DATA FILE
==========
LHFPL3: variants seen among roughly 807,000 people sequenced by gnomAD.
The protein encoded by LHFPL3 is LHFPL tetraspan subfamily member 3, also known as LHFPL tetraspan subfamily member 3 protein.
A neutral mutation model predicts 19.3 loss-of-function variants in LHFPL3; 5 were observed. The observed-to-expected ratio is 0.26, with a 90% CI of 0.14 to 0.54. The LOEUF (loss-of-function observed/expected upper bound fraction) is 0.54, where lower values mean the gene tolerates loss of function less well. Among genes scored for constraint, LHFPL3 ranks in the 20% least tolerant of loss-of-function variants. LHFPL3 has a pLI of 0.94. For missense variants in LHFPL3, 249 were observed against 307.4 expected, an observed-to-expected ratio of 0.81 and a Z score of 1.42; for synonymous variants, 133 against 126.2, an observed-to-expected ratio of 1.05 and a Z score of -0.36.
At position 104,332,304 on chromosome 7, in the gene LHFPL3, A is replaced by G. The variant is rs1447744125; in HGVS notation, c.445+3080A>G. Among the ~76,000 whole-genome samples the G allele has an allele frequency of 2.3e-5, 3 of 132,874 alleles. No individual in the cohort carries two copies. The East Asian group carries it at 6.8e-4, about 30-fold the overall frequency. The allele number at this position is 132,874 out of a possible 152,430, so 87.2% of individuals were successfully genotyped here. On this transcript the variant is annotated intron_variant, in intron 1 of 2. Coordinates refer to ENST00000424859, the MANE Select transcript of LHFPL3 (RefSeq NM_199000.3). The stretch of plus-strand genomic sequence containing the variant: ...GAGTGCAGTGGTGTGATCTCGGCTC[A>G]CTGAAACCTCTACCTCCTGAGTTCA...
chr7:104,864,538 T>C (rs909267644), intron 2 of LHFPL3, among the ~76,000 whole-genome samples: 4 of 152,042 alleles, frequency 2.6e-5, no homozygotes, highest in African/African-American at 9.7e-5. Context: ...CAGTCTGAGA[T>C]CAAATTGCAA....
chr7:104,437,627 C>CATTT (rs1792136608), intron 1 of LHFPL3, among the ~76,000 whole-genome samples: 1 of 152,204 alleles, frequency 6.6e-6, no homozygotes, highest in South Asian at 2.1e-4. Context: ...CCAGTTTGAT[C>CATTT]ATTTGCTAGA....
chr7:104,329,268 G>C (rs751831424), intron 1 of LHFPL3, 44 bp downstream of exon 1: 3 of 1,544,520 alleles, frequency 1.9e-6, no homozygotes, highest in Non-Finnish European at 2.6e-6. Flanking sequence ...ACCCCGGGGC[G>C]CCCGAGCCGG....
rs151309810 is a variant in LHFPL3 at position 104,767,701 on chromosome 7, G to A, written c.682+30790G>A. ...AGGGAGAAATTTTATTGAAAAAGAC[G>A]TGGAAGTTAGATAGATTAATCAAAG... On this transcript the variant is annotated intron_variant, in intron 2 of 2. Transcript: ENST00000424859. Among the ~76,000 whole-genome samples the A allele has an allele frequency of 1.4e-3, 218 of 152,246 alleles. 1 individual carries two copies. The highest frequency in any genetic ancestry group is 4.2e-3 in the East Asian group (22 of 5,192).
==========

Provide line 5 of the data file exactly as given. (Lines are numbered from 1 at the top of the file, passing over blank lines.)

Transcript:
chr7:104,864,538 T>C (rs909267644), intron 2 of LHFPL3, among the ~76,000 whole-genome samples: 4 of 152,042 alleles, frequency 2.6e-5, no homozygotes, highest in African/African-American at 9.7e-5. Context: ...CAGTCTGAGA[T>C]CAAATTGCAA....